Join us at the Niagara Falls Room Escape Conference

We’re giving Tuesday’s only free seminar at the Transworld Niagara Falls Room Escape Conference. And that’s not all…

Transworld Niagara Falls Room Escape Conference Logo

There are going to be a ton of great speakers including:

  • Matthew DuPlessie, 5Wits
  • Dave Ferrier, Trapped PHL
  • Shawn Fischtein, Escape Games Canada
  • Elisabeth Garson, Steel Owl Productions
  • Nate Martin, Puzzle Break
  • Anthony Purzycki, Trap Door
  • Room Escape Divas

There are many more whom I haven’t heard speak, but I think will have something interesting to say, including:

  • Nicole Ginsburg, Escape The Estate
  • Marty Parker, Room Escape Adventures
  • Brian Warner, Evilusions

Buffalo / Niagara reviews

If you’re planning to attend, check out our in depth coverage of the Buffalo / Niagara region escape rooms.

A reminder to all: You need a passport or enhanced license (if you aren’t sure if you have one, you don’t) to cross the border into Canada (or the US). This is worth noting because the escape rooms in Niagara Falls, Canada are very close to the conference.

Our talk

Goldi-lock-ing Your Escape Room Business: Learn the Difference between Magnificent, Average, and Tragic Escape Room Design

We want to help you understand the tangible differences in execution between escape rooms.

We’re going to do this by looking at common interactions in escape room design and walk you through some of the differences that set apart the best and worst that we’ve seen in our approximately 300 games as reviewers.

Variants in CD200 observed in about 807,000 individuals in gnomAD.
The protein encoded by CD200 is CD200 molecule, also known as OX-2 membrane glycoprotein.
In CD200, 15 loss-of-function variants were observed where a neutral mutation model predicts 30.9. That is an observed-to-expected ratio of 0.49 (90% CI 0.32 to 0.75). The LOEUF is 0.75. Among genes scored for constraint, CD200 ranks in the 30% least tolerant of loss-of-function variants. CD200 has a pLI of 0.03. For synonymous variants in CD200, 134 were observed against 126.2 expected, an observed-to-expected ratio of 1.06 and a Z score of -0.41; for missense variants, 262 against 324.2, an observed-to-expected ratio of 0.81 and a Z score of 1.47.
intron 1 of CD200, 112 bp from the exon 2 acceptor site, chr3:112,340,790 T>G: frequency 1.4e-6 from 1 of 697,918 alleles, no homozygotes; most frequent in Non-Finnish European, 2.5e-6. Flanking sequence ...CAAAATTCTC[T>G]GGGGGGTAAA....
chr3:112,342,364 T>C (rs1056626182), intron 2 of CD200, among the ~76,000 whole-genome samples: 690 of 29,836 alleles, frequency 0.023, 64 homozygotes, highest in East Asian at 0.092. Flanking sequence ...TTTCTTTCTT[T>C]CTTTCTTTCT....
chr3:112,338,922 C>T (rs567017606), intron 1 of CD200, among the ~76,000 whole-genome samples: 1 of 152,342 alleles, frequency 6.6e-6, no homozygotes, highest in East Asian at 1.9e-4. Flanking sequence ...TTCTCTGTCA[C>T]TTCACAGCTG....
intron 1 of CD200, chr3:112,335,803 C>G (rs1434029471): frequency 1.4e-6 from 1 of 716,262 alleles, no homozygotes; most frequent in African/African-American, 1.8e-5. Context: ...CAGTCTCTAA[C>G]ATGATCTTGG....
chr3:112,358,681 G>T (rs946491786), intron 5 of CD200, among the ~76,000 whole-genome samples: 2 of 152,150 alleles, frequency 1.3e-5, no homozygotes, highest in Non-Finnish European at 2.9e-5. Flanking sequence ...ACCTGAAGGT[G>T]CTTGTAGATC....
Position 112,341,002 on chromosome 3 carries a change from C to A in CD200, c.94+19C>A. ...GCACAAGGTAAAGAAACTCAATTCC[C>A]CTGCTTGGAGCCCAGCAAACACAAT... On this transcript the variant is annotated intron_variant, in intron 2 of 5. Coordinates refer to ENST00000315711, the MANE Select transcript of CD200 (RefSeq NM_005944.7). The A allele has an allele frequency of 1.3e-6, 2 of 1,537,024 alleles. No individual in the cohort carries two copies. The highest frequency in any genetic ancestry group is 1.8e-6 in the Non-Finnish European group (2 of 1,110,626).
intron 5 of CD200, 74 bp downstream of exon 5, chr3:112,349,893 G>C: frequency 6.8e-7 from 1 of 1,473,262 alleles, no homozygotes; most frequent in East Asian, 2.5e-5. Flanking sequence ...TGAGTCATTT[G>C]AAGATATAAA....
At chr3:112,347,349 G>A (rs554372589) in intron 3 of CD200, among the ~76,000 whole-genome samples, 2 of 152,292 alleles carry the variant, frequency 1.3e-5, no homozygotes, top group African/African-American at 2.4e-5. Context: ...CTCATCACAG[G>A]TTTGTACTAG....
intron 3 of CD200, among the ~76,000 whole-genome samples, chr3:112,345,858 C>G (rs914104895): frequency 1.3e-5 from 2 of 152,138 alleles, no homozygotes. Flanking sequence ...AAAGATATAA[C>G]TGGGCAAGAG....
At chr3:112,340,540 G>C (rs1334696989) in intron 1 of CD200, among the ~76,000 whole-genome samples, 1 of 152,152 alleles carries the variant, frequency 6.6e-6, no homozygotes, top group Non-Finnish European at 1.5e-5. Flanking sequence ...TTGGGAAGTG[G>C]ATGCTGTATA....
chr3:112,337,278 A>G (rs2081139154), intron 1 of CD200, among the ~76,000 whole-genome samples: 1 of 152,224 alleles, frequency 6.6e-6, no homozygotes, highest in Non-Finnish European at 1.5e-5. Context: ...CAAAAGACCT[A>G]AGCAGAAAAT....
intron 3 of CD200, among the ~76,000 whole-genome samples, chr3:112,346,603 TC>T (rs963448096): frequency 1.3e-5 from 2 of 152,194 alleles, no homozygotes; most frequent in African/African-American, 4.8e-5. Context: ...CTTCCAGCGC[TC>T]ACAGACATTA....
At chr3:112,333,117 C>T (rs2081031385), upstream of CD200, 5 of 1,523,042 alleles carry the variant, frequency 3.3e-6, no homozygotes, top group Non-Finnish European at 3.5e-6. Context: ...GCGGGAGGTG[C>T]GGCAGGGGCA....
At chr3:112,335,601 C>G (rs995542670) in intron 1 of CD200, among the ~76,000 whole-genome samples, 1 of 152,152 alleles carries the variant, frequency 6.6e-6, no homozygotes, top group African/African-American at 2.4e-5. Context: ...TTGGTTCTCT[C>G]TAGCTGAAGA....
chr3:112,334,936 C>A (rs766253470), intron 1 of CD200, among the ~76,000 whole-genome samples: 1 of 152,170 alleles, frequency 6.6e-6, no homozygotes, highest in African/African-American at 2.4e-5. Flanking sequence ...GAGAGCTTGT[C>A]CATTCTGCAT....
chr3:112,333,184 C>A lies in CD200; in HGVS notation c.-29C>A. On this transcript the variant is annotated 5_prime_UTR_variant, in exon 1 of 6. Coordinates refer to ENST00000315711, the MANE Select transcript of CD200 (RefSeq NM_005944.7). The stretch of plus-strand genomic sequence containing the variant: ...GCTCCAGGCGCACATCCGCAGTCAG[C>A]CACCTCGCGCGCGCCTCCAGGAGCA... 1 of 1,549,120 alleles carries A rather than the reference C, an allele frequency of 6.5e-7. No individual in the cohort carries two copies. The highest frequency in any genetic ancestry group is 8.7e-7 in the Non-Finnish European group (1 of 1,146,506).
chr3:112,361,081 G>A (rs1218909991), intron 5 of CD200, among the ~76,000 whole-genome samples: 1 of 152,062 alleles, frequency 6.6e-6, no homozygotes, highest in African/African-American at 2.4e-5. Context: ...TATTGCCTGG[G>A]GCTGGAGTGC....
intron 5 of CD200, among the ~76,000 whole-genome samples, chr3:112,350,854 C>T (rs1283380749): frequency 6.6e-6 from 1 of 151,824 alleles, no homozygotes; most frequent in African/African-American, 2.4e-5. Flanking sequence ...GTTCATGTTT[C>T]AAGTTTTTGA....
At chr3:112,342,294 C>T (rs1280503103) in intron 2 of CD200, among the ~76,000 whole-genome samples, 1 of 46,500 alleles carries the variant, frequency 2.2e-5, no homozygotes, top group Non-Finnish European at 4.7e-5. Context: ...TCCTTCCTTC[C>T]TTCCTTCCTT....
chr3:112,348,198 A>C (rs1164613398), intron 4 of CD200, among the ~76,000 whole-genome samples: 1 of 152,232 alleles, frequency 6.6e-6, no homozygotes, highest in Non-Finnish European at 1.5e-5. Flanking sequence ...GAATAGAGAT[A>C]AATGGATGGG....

We’re going to talk about all of the greatest hits:

  • Locks
  • Blacklights
  • Gamemastering
  • Books
  • Trap doors
  • Customer service
  • … and more

Bring your questions and an open mind. We’re here to help.

The panel we’re moderating

Co-Working, Co-Existing… and THRIVING!

Speakers:

  • Mindy & Davy Plaisance, Rise Escape Rooms
  • Dwayne Sanburn, 13th Gate Escape
  • Megan Mouton, Clue Carre
  • Moderators: David & Lisa Spira

A panel of top room escape companies talk about co-existing, working together and operating nationally-renowned escape room games.

This panel will cost $50 per person if you pre-register or $55 per person if you register at the conference.

Our booth

We don’t yet have the details, but we’ll have a booth.

Come find us, we’d love to chat.

Get your tickets for the Niagara Room Escape Conference, and tell them that the Room Escape Artist sent you.

Interview with Cory Goerke about his Escape Room dark comedy sketch

Cory Goerke, Writer/Director and Bejan Faramarzi, Producer, created this wonderfully dark comedy sketch.

Cory is a Game Guide at The Escape Game Austin. This video is not in any way affiliated with The Escape Game. However, we wondered how much of this video came out of his experience working in the escape room industry. Here’s a little more background on this piece.

Room Escape Artist: Your video hilariously captures the common reaction from people who are knee-jerk turned off to the idea of escape rooms. What made you decide to film such a literal interpretation of that reaction?

Cory: Well I don’t know about you, but I find these reactions hilarious. I wanted to play off those assumptions and fears of escape rooms to show just how ridiculous these reactions are.

Escape rooms are still commonly misunderstood. They are definitely the new kid on the block in terms of entertainment medium.